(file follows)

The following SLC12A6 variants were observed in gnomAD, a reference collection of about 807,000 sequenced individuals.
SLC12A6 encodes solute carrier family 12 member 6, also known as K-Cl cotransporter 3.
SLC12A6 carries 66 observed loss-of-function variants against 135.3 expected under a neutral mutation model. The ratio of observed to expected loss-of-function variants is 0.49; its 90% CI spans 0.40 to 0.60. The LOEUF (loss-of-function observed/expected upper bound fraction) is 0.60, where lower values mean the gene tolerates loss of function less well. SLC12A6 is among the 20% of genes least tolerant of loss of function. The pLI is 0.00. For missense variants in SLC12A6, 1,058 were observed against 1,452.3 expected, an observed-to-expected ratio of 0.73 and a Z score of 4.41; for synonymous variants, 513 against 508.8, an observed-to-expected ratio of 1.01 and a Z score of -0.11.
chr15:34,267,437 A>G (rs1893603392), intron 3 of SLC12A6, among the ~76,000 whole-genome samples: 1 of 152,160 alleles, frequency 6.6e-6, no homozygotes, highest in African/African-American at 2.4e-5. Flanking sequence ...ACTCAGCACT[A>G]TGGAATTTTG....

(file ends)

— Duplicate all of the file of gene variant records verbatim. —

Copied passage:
The following SLC12A6 variants were observed in gnomAD, a reference collection of about 807,000 sequenced individuals.
SLC12A6 encodes solute carrier family 12 member 6, also known as K-Cl cotransporter 3.
SLC12A6 carries 66 observed loss-of-function variants against 135.3 expected under a neutral mutation model. The ratio of observed to expected loss-of-function variants is 0.49; its 90% CI spans 0.40 to 0.60. The LOEUF (loss-of-function observed/expected upper bound fraction) is 0.60, where lower values mean the gene tolerates loss of function less well. SLC12A6 is among the 20% of genes least tolerant of loss of function. The pLI is 0.00. For missense variants in SLC12A6, 1,058 were observed against 1,452.3 expected, an observed-to-expected ratio of 0.73 and a Z score of 4.41; for synonymous variants, 513 against 508.8, an observed-to-expected ratio of 1.01 and a Z score of -0.11.
chr15:34,267,437 A>G (rs1893603392), intron 3 of SLC12A6, among the ~76,000 whole-genome samples: 1 of 152,160 alleles, frequency 6.6e-6, no homozygotes, highest in African/African-American at 2.4e-5. Flanking sequence ...ACTCAGCACT[A>G]TGGAATTTTG....